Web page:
Bread as Strategy of Control and Tactic of Subversion
Earlier this week we watched a fascinating programme, ‘Meet the Romans with Mary Beard’ (BBC2, part 1 of 3; Mary Beard is Professor of Classics and Fellow of Newnham College, Cambridge University).
2000 years ago the population of Rome exploded, doubling in size and doubling in size again, becoming a city of 1 million people, a city larger than any Europe had ever known, or would know again until Victorian London.
Rome was not a place you came from, but a place you came to; and, more than that, an idea people were drawn to, from all over the ancient world. Anyone from anywhere could become a citizen of Rome. It even became a common practice for slaves to be given the money to buy themselves citizenship at the completion of their contracted service, if indeed they had not saved the sum already from out of their wages.
It struck me that the Romans – by which I mean the people who lived in Rome itself – were incredibly tolerant of anyone from anywhere; as long as they were willing to be assimilated into the Roman way of doing things. But – quite understandably, given how the city’s life depended on surfing the very edge of chaos – the Roman ‘idea’ or ‘genius’ was firmly (and when deemed necessary, violently) intolerant of anyone from anywhere who resisted assimilation: which is why both the Jewish and the Christian population experienced the unwanted attention of expulsions and persecutions from time to time.
Almost all of the population lived in the new high-rise apartment blocks (insula, a Roman architectural development), separated – for the first time in history – from the means of growing even some of their own food. The emperor bestowed upon every Roman citizen, rich or poor, a monthly grain dole. Some 200,000 received the dole, which was enough grain for bread for two people for a month.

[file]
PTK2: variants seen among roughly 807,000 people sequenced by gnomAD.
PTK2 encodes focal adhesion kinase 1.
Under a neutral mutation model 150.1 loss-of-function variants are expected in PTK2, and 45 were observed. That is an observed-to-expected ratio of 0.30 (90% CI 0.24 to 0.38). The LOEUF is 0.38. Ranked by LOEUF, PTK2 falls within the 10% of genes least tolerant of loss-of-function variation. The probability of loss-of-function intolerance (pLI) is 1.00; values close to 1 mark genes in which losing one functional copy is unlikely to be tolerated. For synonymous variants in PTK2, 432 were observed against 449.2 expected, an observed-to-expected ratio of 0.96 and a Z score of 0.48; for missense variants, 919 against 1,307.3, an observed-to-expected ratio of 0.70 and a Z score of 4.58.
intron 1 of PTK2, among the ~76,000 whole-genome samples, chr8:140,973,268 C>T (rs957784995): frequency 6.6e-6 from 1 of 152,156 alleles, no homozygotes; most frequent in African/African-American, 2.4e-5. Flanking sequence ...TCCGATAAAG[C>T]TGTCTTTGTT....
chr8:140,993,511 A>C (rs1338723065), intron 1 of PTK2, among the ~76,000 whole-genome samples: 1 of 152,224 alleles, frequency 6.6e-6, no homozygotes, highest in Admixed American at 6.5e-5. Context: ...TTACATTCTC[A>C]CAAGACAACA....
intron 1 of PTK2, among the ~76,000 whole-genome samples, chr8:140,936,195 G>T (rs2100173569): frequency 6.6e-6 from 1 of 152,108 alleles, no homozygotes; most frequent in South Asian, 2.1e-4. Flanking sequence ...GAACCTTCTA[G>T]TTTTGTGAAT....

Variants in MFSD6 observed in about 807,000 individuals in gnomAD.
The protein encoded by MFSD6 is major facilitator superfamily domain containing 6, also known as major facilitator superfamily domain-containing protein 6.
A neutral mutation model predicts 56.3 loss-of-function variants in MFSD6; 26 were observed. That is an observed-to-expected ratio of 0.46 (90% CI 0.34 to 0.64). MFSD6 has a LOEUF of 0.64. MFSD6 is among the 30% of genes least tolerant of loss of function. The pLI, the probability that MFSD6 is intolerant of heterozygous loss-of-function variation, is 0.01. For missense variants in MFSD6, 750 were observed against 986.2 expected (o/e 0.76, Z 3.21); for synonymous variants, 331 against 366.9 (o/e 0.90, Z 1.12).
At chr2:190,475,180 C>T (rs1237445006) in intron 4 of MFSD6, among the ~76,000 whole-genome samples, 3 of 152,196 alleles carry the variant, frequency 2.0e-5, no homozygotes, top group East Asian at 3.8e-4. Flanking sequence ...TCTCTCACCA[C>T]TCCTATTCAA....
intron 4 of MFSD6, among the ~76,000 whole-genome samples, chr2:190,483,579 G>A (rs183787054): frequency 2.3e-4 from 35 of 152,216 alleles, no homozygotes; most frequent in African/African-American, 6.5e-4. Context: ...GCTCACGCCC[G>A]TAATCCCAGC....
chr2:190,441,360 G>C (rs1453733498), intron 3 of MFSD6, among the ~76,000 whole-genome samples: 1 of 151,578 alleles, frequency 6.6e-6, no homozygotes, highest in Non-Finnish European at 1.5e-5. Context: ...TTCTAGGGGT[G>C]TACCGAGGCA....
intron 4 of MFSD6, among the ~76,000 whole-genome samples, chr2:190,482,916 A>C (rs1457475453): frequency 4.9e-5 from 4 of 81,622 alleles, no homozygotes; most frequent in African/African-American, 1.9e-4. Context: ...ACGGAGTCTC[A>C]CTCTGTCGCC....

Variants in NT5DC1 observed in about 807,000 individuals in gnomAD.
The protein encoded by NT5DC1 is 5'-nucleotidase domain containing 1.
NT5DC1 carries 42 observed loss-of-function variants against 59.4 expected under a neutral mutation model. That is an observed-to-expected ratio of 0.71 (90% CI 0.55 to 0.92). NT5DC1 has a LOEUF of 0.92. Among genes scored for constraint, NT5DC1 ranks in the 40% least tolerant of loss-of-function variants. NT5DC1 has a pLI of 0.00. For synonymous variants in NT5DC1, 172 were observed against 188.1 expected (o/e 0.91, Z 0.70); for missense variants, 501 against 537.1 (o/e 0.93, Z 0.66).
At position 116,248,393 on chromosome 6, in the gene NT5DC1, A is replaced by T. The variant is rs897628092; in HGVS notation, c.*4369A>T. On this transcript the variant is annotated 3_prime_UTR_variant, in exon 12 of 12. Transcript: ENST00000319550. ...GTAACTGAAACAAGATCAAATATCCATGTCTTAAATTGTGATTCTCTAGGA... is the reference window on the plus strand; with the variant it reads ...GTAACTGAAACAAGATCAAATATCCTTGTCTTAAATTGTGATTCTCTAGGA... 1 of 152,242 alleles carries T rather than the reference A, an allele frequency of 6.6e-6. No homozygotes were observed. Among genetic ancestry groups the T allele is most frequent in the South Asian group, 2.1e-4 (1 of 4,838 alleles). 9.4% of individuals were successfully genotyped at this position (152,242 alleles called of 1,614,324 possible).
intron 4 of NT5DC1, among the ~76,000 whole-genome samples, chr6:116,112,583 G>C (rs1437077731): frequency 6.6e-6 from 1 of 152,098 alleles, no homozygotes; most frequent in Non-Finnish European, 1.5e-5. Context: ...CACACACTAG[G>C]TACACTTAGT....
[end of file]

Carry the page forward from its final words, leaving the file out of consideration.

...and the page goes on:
In this way, a sizeable proportion of the population were appealed to – in much the same way as our own politicians appeal to different groups within our society – and the rest had an incentive to aspire to citizenship. As insula accommodation was predominantly one-room apartments without even kitchen facilities, let alone land, most people relied on professional bakers to turn their grain into tear-and-share bread for them.
Through the grain dole, the emperor was making the claim, “I am your Lord, who provides for you.” Though not mentioned, what struck me was how highly political the Christian act of sharing broken bread was in this context, a threat to Rome itself. In this act, they were refuting the emperor’s claim with the counter-claim “Jesus is our Lord, who provides for us.”
More than that, this is a classic example of de Certeau’s observation of strategies of control and tactics of subversion. Many of the Christians were themselves Roman citizens. They took the emperor’s strategy of control – the grain dole he bestowed – and employed a tactic of subversion – using the very grain to create the very symbol that refuted the power play at work.
This causes me to wonder how subversive Communion is in my own context. Does breaking bread retain any subversive creativity at all? Or has it, ironically, become a strategy of control, a means of reinforcing the status quo (to borrow a Latin phrase from the Romans)? How might we reclaim Communion as a tactic of subversion, within the State, and within the Established Church?
Moreover, do we view that which the State bestows on us as our right, that to which we are entitled; that which we must fight to retain for ourselves, in the context of national, regional and civic budget cuts? Or might we view what we are given as raw material that can be refashioned into the statement “Jesus is our Lord, who provides for us” as we share one another’s burdens and meet one another’s needs in ways that do not absolve the State of responsibility but undermine its position as false god we have entered into co-dependent benefactor-beholden contract with?